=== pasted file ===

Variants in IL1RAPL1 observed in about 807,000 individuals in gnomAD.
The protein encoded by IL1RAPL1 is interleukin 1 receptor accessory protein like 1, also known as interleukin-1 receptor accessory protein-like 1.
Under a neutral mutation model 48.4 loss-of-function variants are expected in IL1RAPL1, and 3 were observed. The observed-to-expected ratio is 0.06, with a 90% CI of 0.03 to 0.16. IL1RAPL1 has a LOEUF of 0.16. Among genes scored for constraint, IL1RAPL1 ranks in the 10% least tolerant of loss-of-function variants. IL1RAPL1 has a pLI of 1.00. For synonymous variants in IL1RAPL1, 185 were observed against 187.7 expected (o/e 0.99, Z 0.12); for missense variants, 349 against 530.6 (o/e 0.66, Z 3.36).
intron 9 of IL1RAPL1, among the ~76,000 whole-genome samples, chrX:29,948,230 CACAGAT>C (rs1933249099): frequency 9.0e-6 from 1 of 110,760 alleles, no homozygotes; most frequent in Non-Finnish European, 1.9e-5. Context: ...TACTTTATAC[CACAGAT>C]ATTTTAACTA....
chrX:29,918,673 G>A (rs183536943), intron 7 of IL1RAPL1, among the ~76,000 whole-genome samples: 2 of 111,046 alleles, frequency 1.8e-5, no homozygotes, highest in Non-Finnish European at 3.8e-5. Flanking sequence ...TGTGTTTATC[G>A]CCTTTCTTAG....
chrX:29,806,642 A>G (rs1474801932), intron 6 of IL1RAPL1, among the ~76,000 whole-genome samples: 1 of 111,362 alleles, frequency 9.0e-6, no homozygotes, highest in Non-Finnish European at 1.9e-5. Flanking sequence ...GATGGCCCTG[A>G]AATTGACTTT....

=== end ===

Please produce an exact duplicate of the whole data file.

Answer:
Variants in IL1RAPL1 observed in about 807,000 individuals in gnomAD.
The protein encoded by IL1RAPL1 is interleukin 1 receptor accessory protein like 1, also known as interleukin-1 receptor accessory protein-like 1.
Under a neutral mutation model 48.4 loss-of-function variants are expected in IL1RAPL1, and 3 were observed. The observed-to-expected ratio is 0.06, with a 90% CI of 0.03 to 0.16. IL1RAPL1 has a LOEUF of 0.16. Among genes scored for constraint, IL1RAPL1 ranks in the 10% least tolerant of loss-of-function variants. IL1RAPL1 has a pLI of 1.00. For synonymous variants in IL1RAPL1, 185 were observed against 187.7 expected (o/e 0.99, Z 0.12); for missense variants, 349 against 530.6 (o/e 0.66, Z 3.36).
intron 9 of IL1RAPL1, among the ~76,000 whole-genome samples, chrX:29,948,230 CACAGAT>C (rs1933249099): frequency 9.0e-6 from 1 of 110,760 alleles, no homozygotes; most frequent in Non-Finnish European, 1.9e-5. Context: ...TACTTTATAC[CACAGAT>C]ATTTTAACTA....
chrX:29,918,673 G>A (rs183536943), intron 7 of IL1RAPL1, among the ~76,000 whole-genome samples: 2 of 111,046 alleles, frequency 1.8e-5, no homozygotes, highest in Non-Finnish European at 3.8e-5. Flanking sequence ...TGTGTTTATC[G>A]CCTTTCTTAG....
chrX:29,806,642 A>G (rs1474801932), intron 6 of IL1RAPL1, among the ~76,000 whole-genome samples: 1 of 111,362 alleles, frequency 9.0e-6, no homozygotes, highest in Non-Finnish European at 1.9e-5. Flanking sequence ...GATGGCCCTG[A>G]AATTGACTTT....